Volume 1, Issue 2
  • ISSN 2543-3164
  • E-ISSN: 2543-3156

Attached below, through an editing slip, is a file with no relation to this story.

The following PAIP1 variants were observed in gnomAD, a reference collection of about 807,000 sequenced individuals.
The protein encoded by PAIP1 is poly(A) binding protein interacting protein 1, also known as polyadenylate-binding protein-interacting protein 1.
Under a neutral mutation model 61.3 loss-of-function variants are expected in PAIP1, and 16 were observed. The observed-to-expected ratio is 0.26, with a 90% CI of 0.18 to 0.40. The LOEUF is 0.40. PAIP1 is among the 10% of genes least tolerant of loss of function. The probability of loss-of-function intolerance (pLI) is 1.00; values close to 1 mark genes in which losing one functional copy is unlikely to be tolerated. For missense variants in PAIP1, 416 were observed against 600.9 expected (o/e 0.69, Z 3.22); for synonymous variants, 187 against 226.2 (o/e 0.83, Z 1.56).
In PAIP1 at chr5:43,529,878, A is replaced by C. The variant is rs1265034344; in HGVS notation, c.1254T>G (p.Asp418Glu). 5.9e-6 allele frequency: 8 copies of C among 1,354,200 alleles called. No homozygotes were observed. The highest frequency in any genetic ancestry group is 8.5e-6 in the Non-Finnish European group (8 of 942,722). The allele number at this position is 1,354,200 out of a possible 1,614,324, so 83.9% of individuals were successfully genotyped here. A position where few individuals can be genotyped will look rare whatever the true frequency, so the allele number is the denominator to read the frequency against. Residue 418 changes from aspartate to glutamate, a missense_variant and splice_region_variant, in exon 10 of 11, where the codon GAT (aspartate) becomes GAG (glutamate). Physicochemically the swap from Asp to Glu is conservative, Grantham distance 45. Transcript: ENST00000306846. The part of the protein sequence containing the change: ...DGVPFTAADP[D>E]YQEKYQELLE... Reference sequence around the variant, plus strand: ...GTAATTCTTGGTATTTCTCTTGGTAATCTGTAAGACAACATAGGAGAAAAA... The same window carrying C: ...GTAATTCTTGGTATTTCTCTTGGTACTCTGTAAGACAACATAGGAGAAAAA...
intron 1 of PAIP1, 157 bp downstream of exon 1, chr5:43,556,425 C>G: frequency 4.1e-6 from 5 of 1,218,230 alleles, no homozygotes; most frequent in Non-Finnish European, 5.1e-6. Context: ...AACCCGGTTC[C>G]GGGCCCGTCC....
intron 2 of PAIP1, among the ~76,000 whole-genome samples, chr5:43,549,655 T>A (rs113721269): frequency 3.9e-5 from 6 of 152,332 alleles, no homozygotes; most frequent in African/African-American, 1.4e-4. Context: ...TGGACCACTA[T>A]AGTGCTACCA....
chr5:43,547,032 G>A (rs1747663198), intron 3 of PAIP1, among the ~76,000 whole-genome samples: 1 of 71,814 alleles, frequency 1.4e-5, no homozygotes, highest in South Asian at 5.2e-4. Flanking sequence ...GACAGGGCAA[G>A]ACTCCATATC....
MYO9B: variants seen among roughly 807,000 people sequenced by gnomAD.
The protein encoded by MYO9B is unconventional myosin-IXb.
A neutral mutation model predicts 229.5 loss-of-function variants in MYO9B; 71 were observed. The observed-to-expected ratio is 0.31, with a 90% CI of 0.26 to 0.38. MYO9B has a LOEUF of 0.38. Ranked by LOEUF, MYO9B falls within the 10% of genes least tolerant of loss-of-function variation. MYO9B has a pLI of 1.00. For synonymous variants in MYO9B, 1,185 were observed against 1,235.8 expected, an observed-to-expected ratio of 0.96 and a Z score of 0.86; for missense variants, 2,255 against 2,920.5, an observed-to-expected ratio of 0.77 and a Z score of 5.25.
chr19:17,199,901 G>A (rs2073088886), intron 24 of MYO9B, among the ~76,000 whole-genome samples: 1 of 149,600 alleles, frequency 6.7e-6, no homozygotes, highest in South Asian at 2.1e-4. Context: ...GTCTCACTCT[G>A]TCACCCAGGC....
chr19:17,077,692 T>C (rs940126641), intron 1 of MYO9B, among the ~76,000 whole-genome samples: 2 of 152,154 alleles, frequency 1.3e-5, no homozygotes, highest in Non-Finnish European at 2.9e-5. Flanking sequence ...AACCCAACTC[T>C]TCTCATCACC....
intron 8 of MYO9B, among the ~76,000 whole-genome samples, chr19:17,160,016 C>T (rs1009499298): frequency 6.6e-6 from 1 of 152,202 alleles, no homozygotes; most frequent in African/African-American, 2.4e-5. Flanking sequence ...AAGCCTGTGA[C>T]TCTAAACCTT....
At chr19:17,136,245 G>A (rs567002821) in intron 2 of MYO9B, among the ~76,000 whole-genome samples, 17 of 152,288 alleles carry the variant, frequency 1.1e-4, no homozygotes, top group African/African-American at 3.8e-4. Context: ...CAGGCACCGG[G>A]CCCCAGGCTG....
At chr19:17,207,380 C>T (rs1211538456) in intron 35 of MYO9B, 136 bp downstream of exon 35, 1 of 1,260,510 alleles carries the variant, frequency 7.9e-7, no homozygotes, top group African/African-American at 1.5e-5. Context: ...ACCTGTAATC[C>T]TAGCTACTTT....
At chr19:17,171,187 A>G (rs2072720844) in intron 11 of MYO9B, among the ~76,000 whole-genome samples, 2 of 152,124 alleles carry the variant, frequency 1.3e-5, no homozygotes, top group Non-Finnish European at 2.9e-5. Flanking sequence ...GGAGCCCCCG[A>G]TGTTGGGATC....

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Focusing on fansubbing, the production of unauthorized subtitles by fans of audiovisual media content, this paper calls for a more serious sociolinguistic analysis of the political economy of digital media communication. It argues that fansubbing’s contentious position within regimes of intellectual property and copyright makes it a useful context for considering the crucial role of language ideology in global capitalism’s expanding reach over communicative activity. Through a critical analysis of Korean discourses about fansubbing, this paper considers how tensions between competing ideological conceptions of fansub work shed light on the process by which regimes of intellectual property incorporate digital media communication as a site for profit. Based on this analysis, the paper argues for the need to look beyond the affordances of digital media in terms of translingual, hybrid, and creative linguistic form, to extend our investigations towards language ideologies as a constitutive element in the political economy.


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